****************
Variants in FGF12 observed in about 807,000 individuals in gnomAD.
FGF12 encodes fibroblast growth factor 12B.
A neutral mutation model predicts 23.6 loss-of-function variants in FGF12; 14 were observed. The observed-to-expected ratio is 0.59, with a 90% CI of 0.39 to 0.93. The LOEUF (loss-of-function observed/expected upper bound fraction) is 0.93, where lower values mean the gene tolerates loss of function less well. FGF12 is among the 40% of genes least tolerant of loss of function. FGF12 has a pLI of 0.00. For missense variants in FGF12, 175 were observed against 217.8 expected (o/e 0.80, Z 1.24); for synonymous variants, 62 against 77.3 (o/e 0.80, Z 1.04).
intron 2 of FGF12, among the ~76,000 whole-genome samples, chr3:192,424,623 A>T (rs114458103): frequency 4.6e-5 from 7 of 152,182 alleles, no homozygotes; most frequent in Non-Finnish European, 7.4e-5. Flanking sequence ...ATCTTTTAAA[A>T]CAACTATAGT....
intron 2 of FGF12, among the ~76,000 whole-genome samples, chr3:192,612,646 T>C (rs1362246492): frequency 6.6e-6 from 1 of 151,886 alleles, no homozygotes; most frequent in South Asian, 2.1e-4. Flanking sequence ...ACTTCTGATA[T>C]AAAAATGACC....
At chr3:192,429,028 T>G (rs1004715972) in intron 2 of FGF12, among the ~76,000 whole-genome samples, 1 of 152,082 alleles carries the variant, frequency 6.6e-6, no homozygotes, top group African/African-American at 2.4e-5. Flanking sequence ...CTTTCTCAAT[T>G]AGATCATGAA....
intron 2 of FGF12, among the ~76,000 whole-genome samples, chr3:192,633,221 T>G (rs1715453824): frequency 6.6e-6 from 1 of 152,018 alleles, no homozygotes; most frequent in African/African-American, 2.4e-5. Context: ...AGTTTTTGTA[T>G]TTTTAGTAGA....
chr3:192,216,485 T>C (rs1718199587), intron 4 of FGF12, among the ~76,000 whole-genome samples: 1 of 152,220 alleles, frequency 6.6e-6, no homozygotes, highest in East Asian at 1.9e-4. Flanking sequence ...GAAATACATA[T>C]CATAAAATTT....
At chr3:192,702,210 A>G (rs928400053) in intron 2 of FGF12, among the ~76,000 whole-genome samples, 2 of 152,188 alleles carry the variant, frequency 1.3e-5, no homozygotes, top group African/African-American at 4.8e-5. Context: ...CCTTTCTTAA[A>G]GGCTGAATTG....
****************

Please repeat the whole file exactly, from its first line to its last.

Variants in FGF12 observed in about 807,000 individuals in gnomAD.
FGF12 encodes fibroblast growth factor 12B.
A neutral mutation model predicts 23.6 loss-of-function variants in FGF12; 14 were observed. The observed-to-expected ratio is 0.59, with a 90% CI of 0.39 to 0.93. The LOEUF (loss-of-function observed/expected upper bound fraction) is 0.93, where lower values mean the gene tolerates loss of function less well. FGF12 is among the 40% of genes least tolerant of loss of function. FGF12 has a pLI of 0.00. For missense variants in FGF12, 175 were observed against 217.8 expected (o/e 0.80, Z 1.24); for synonymous variants, 62 against 77.3 (o/e 0.80, Z 1.04).
intron 2 of FGF12, among the ~76,000 whole-genome samples, chr3:192,424,623 A>T (rs114458103): frequency 4.6e-5 from 7 of 152,182 alleles, no homozygotes; most frequent in Non-Finnish European, 7.4e-5. Flanking sequence ...ATCTTTTAAA[A>T]CAACTATAGT....
intron 2 of FGF12, among the ~76,000 whole-genome samples, chr3:192,612,646 T>C (rs1362246492): frequency 6.6e-6 from 1 of 151,886 alleles, no homozygotes; most frequent in South Asian, 2.1e-4. Flanking sequence ...ACTTCTGATA[T>C]AAAAATGACC....
At chr3:192,429,028 T>G (rs1004715972) in intron 2 of FGF12, among the ~76,000 whole-genome samples, 1 of 152,082 alleles carries the variant, frequency 6.6e-6, no homozygotes, top group African/African-American at 2.4e-5. Flanking sequence ...CTTTCTCAAT[T>G]AGATCATGAA....
intron 2 of FGF12, among the ~76,000 whole-genome samples, chr3:192,633,221 T>G (rs1715453824): frequency 6.6e-6 from 1 of 152,018 alleles, no homozygotes; most frequent in African/African-American, 2.4e-5. Context: ...AGTTTTTGTA[T>G]TTTTAGTAGA....
chr3:192,216,485 T>C (rs1718199587), intron 4 of FGF12, among the ~76,000 whole-genome samples: 1 of 152,220 alleles, frequency 6.6e-6, no homozygotes, highest in East Asian at 1.9e-4. Flanking sequence ...GAAATACATA[T>C]CATAAAATTT....
At chr3:192,702,210 A>G (rs928400053) in intron 2 of FGF12, among the ~76,000 whole-genome samples, 2 of 152,188 alleles carry the variant, frequency 1.3e-5, no homozygotes, top group African/African-American at 4.8e-5. Context: ...CCTTTCTTAA[A>G]GGCTGAATTG....